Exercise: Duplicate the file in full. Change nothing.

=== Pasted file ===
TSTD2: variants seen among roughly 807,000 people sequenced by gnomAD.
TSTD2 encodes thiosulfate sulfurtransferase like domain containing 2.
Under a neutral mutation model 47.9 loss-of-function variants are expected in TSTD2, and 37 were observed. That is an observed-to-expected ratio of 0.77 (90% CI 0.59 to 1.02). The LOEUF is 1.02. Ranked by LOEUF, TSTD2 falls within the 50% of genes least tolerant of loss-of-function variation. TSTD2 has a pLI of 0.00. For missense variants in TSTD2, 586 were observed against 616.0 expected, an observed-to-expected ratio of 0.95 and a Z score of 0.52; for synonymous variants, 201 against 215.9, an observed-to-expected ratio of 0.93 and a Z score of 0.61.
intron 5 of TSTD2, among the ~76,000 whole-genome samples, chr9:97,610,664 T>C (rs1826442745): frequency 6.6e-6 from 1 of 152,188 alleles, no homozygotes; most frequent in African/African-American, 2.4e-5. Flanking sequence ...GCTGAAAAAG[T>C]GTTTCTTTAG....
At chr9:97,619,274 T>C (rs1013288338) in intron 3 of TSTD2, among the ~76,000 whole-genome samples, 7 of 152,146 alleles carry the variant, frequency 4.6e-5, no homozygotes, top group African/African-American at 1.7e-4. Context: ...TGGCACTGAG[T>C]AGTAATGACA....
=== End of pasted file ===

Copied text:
TSTD2: variants seen among roughly 807,000 people sequenced by gnomAD.
TSTD2 encodes thiosulfate sulfurtransferase like domain containing 2.
Under a neutral mutation model 47.9 loss-of-function variants are expected in TSTD2, and 37 were observed. That is an observed-to-expected ratio of 0.77 (90% CI 0.59 to 1.02). The LOEUF is 1.02. Ranked by LOEUF, TSTD2 falls within the 50% of genes least tolerant of loss-of-function variation. TSTD2 has a pLI of 0.00. For missense variants in TSTD2, 586 were observed against 616.0 expected, an observed-to-expected ratio of 0.95 and a Z score of 0.52; for synonymous variants, 201 against 215.9, an observed-to-expected ratio of 0.93 and a Z score of 0.61.
intron 5 of TSTD2, among the ~76,000 whole-genome samples, chr9:97,610,664 T>C (rs1826442745): frequency 6.6e-6 from 1 of 152,188 alleles, no homozygotes; most frequent in African/African-American, 2.4e-5. Flanking sequence ...GCTGAAAAAG[T>C]GTTTCTTTAG....
At chr9:97,619,274 T>C (rs1013288338) in intron 3 of TSTD2, among the ~76,000 whole-genome samples, 7 of 152,146 alleles carry the variant, frequency 4.6e-5, no homozygotes, top group African/African-American at 1.7e-4. Context: ...TGGCACTGAG[T>C]AGTAATGACA....